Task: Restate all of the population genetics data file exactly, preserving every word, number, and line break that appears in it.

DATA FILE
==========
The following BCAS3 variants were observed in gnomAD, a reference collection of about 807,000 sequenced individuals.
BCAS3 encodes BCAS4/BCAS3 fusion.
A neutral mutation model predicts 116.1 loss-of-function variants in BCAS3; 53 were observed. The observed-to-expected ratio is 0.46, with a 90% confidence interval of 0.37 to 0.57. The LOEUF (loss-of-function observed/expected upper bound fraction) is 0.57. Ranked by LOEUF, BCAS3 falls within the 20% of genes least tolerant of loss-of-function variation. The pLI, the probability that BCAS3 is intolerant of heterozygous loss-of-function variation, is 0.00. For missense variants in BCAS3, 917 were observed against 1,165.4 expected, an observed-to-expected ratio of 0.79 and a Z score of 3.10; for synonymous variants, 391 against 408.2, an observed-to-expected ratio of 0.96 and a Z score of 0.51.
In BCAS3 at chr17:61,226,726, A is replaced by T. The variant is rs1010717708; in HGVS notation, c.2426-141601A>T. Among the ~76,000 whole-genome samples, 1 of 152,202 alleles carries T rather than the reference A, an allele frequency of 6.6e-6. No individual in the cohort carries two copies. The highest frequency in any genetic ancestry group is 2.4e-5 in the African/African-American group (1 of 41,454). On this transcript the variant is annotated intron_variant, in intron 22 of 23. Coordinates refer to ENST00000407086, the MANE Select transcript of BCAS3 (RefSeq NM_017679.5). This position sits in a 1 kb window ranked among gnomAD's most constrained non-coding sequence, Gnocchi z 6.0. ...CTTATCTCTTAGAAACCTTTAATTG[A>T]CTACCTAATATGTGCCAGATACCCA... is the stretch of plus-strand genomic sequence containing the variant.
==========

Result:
The following BCAS3 variants were observed in gnomAD, a reference collection of about 807,000 sequenced individuals.
BCAS3 encodes BCAS4/BCAS3 fusion.
A neutral mutation model predicts 116.1 loss-of-function variants in BCAS3; 53 were observed. The observed-to-expected ratio is 0.46, with a 90% confidence interval of 0.37 to 0.57. The LOEUF (loss-of-function observed/expected upper bound fraction) is 0.57. Ranked by LOEUF, BCAS3 falls within the 20% of genes least tolerant of loss-of-function variation. The pLI, the probability that BCAS3 is intolerant of heterozygous loss-of-function variation, is 0.00. For missense variants in BCAS3, 917 were observed against 1,165.4 expected, an observed-to-expected ratio of 0.79 and a Z score of 3.10; for synonymous variants, 391 against 408.2, an observed-to-expected ratio of 0.96 and a Z score of 0.51.
In BCAS3 at chr17:61,226,726, A is replaced by T. The variant is rs1010717708; in HGVS notation, c.2426-141601A>T. Among the ~76,000 whole-genome samples, 1 of 152,202 alleles carries T rather than the reference A, an allele frequency of 6.6e-6. No individual in the cohort carries two copies. The highest frequency in any genetic ancestry group is 2.4e-5 in the African/African-American group (1 of 41,454). On this transcript the variant is annotated intron_variant, in intron 22 of 23. Coordinates refer to ENST00000407086, the MANE Select transcript of BCAS3 (RefSeq NM_017679.5). This position sits in a 1 kb window ranked among gnomAD's most constrained non-coding sequence, Gnocchi z 6.0. ...CTTATCTCTTAGAAACCTTTAATTG[A>T]CTACCTAATATGTGCCAGATACCCA... is the stretch of plus-strand genomic sequence containing the variant.